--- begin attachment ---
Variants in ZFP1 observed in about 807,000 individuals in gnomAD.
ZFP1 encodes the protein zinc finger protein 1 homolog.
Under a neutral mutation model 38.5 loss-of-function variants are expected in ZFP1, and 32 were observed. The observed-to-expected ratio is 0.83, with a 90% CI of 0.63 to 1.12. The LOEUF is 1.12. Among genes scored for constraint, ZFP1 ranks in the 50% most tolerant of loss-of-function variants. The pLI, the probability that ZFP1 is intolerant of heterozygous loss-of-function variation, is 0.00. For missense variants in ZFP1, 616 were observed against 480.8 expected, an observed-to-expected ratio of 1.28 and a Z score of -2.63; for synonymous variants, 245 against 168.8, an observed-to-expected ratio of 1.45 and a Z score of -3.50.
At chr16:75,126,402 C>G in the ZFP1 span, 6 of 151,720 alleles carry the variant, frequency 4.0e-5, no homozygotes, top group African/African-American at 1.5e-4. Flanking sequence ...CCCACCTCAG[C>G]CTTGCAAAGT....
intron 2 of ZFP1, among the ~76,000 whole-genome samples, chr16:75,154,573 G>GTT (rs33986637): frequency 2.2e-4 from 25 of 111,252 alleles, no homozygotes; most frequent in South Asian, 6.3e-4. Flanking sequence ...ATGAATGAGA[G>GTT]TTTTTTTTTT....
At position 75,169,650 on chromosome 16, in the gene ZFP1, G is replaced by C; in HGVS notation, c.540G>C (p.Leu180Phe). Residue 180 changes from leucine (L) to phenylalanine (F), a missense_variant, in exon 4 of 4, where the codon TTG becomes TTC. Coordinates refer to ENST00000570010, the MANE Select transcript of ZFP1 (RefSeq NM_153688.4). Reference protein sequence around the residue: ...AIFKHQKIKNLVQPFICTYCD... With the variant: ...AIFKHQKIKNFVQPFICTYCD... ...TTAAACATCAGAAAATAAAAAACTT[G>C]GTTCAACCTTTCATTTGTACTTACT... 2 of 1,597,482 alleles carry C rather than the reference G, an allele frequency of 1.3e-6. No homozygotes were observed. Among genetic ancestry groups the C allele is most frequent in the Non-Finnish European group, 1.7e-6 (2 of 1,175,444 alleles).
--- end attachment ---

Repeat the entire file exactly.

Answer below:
Variants in ZFP1 observed in about 807,000 individuals in gnomAD.
ZFP1 encodes the protein zinc finger protein 1 homolog.
Under a neutral mutation model 38.5 loss-of-function variants are expected in ZFP1, and 32 were observed. The observed-to-expected ratio is 0.83, with a 90% CI of 0.63 to 1.12. The LOEUF is 1.12. Among genes scored for constraint, ZFP1 ranks in the 50% most tolerant of loss-of-function variants. The pLI, the probability that ZFP1 is intolerant of heterozygous loss-of-function variation, is 0.00. For missense variants in ZFP1, 616 were observed against 480.8 expected, an observed-to-expected ratio of 1.28 and a Z score of -2.63; for synonymous variants, 245 against 168.8, an observed-to-expected ratio of 1.45 and a Z score of -3.50.
At chr16:75,126,402 C>G in the ZFP1 span, 6 of 151,720 alleles carry the variant, frequency 4.0e-5, no homozygotes, top group African/African-American at 1.5e-4. Flanking sequence ...CCCACCTCAG[C>G]CTTGCAAAGT....
intron 2 of ZFP1, among the ~76,000 whole-genome samples, chr16:75,154,573 G>GTT (rs33986637): frequency 2.2e-4 from 25 of 111,252 alleles, no homozygotes; most frequent in South Asian, 6.3e-4. Flanking sequence ...ATGAATGAGA[G>GTT]TTTTTTTTTT....
At position 75,169,650 on chromosome 16, in the gene ZFP1, G is replaced by C; in HGVS notation, c.540G>C (p.Leu180Phe). Residue 180 changes from leucine (L) to phenylalanine (F), a missense_variant, in exon 4 of 4, where the codon TTG becomes TTC. Coordinates refer to ENST00000570010, the MANE Select transcript of ZFP1 (RefSeq NM_153688.4). Reference protein sequence around the residue: ...AIFKHQKIKNLVQPFICTYCD... With the variant: ...AIFKHQKIKNFVQPFICTYCD... ...TTAAACATCAGAAAATAAAAAACTT[G>C]GTTCAACCTTTCATTTGTACTTACT... 2 of 1,597,482 alleles carry C rather than the reference G, an allele frequency of 1.3e-6. No homozygotes were observed. Among genetic ancestry groups the C allele is most frequent in the Non-Finnish European group, 1.7e-6 (2 of 1,175,444 alleles).